What is the problem? Has the United States not been investing in productivity growth? There are indeed areas (e.g., infrastructure and education) in which inadequate investment may be inhibiting U.S. productivity. On the other hand, the United States has actually been investing heavily in advanced technologies to enhance productivity growth. The returns, however, do not appear commensurate with the investments. For example, one analysis showed that the data processing budgets for U.S. corporations increased by about 12 percent a year over the previous decade. Productivity increases from those investments, however, averaged less than 2 percent a year (Weiner and Brown, 1989).
In Chapter 2, Attewell reviews a number of investigations of the
impact of investments in information technology (IT) on organizational productivity. Such investments are of particular interest because, for many years, they have accounted for a very large proportion of the U.S. industrial investment. As discussed in Chapter 2, however, the huge annual private sector investments in computers and related technologies (an estimated $154 billion in 1990) have had no apparent effect on measures of organizational productivity. Although specific applications of IT have made positive contributions to productivity, the overall investment does not seem to have improved industrial productivity in the United States.1 This and similar evidence presents a paradox: Why have the enormous investments in IT not resulted in clear-cut increases in organizational productivity? It is clear from the analyses reviewed in Chapter 2 that enhancing productivity is a major national challenge and that this productivity paradox must be understood. As a nation, we need to understand better the factors that influence the productivity of our organizations and the methods for addressing the facilitators and inhibitors of organizational productivity.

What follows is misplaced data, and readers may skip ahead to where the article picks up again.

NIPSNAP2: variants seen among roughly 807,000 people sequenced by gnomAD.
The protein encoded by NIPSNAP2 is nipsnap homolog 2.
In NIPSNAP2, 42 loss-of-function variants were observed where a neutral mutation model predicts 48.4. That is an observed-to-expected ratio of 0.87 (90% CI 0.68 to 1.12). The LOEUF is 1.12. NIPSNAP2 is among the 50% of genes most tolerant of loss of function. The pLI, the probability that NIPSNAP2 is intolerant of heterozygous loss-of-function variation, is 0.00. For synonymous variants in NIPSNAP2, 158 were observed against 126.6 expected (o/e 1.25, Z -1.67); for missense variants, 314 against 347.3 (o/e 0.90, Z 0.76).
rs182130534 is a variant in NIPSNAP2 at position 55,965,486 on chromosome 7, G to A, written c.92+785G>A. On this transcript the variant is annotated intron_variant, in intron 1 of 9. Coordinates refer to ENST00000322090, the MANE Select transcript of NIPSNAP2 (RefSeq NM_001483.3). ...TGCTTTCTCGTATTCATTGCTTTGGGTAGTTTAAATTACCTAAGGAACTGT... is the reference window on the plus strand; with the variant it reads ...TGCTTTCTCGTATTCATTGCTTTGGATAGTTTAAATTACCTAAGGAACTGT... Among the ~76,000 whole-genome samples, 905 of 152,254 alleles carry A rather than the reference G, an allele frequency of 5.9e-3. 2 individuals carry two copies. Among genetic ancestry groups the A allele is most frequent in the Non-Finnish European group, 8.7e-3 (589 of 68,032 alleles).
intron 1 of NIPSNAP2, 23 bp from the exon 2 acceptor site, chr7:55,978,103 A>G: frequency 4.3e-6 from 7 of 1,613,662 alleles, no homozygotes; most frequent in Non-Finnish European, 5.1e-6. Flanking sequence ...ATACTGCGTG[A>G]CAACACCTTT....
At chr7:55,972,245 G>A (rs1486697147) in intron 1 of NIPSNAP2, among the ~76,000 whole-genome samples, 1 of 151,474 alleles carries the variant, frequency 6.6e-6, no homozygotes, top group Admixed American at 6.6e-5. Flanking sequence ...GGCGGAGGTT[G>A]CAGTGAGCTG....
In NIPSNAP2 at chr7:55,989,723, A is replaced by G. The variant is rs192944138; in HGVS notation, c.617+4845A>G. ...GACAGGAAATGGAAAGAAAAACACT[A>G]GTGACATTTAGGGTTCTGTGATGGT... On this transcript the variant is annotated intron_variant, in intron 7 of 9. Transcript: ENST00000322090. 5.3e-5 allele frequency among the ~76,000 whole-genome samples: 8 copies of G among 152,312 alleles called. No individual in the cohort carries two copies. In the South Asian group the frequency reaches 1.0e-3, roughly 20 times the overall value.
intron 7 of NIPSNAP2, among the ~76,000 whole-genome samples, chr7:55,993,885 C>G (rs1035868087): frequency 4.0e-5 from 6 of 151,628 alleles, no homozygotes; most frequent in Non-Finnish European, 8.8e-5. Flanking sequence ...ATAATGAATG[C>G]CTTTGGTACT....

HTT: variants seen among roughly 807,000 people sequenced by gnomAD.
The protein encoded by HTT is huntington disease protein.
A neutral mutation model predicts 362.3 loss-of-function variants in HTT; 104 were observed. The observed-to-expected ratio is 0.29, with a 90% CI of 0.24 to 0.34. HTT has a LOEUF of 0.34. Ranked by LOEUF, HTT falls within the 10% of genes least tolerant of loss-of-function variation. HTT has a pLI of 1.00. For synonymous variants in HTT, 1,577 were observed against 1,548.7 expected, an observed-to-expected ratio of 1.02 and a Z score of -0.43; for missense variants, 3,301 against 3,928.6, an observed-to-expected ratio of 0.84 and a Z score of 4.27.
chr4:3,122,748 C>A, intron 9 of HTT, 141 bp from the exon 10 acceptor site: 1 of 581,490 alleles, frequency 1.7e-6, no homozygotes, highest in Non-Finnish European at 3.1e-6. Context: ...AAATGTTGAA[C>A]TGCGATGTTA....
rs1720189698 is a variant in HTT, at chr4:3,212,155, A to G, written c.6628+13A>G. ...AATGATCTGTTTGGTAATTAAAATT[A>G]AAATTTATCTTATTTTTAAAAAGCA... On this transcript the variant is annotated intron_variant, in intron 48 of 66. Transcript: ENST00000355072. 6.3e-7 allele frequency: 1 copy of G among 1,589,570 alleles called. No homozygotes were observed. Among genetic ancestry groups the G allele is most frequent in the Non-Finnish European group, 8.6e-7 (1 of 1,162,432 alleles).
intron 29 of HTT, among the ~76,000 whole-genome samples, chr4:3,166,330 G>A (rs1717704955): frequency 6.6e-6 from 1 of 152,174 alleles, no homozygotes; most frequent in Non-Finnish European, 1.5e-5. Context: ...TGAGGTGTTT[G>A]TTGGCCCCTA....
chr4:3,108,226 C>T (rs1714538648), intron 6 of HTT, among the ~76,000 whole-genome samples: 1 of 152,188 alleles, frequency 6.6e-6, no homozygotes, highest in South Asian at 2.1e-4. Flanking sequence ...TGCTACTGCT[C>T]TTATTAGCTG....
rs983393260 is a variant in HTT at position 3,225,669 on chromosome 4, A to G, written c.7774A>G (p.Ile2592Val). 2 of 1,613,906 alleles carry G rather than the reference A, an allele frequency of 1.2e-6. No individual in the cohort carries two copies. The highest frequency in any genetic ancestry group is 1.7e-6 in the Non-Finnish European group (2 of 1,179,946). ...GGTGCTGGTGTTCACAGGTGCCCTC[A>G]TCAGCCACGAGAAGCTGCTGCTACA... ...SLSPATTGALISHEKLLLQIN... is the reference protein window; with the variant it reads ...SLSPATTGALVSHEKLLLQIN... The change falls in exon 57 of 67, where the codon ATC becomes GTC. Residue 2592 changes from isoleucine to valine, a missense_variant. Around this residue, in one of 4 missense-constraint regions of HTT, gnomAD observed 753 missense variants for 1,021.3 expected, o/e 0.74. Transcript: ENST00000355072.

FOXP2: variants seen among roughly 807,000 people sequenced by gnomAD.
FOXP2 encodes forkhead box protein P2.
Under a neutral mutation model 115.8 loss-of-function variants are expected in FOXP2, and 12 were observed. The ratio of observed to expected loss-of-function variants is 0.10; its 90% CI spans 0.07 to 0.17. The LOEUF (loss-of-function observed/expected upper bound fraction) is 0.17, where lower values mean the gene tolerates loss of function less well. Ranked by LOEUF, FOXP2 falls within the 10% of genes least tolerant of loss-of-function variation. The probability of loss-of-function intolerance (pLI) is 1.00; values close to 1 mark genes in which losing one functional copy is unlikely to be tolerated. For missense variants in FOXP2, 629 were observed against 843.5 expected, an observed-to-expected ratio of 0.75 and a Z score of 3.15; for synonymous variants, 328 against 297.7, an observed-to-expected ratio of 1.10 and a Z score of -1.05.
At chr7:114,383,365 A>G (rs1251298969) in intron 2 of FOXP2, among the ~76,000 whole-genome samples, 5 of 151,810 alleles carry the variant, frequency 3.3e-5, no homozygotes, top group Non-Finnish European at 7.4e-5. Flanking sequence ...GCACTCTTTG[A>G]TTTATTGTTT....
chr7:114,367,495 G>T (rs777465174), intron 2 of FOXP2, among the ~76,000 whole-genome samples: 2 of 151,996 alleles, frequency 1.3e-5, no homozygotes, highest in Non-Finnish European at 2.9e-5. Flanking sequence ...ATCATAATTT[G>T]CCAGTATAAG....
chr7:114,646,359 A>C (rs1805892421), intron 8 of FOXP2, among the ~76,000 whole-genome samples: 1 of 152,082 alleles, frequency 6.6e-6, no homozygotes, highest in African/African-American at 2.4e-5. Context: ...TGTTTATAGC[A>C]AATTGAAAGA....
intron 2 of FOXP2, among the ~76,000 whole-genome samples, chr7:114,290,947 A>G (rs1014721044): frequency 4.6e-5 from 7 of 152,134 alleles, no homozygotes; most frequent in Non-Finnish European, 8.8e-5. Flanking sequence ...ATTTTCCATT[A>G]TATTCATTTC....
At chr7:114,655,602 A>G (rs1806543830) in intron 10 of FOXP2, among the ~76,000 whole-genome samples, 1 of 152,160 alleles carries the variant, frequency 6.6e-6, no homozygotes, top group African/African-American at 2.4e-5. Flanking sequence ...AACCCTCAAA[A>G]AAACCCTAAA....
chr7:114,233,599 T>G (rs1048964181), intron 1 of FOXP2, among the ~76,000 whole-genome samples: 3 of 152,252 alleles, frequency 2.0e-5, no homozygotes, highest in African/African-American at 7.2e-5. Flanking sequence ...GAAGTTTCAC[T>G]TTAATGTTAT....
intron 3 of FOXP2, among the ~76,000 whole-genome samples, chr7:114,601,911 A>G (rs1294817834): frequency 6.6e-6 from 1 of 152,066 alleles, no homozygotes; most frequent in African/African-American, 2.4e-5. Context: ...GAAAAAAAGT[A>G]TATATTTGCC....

Focus and Assumptions of Previous Research
The question that has been addressed by most research into the productivity of work units can be framed as follows: How can the productivity of X be increased? X might be an individual, group, or larger organization. To this end, research has examined a variety of interventions and their impact on the productivity of X. They include the design and implementation of new technology; the application of techniques for the selection, training, and motivation of personnel; the design and redesign of jobs and tasks; innovations in organizational development and management methods; and the introduction of new compensation and incentive systems. Traditionally, researchers have focused on a single level of analysis—improving performance at the individual, group, or organizational level. Interventions are made and, in some cases, measurements are made to determine the impact of the interventions, invariably at the same level at which the intervention was made. The linkage between an intervention at one level and the impact on productivity at another level has largely been ignored.
In attempting to increase productivity, human factors specialists,